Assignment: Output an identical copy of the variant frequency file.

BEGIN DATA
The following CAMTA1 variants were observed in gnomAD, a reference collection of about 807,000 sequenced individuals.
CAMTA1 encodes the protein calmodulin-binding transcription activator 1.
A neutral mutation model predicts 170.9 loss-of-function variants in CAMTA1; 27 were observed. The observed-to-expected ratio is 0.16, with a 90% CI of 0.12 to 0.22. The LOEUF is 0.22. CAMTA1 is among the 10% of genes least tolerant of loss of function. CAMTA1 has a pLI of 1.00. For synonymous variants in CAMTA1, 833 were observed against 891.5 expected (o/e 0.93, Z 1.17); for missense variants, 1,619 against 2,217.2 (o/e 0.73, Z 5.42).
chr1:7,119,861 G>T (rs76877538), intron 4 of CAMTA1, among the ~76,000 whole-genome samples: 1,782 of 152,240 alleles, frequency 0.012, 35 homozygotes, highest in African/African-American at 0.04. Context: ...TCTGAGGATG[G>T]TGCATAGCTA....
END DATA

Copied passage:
The following CAMTA1 variants were observed in gnomAD, a reference collection of about 807,000 sequenced individuals.
CAMTA1 encodes the protein calmodulin-binding transcription activator 1.
A neutral mutation model predicts 170.9 loss-of-function variants in CAMTA1; 27 were observed. The observed-to-expected ratio is 0.16, with a 90% CI of 0.12 to 0.22. The LOEUF is 0.22. CAMTA1 is among the 10% of genes least tolerant of loss of function. CAMTA1 has a pLI of 1.00. For synonymous variants in CAMTA1, 833 were observed against 891.5 expected (o/e 0.93, Z 1.17); for missense variants, 1,619 against 2,217.2 (o/e 0.73, Z 5.42).
chr1:7,119,861 G>T (rs76877538), intron 4 of CAMTA1, among the ~76,000 whole-genome samples: 1,782 of 152,240 alleles, frequency 0.012, 35 homozygotes, highest in African/African-American at 0.04. Context: ...TCTGAGGATG[G>T]TGCATAGCTA....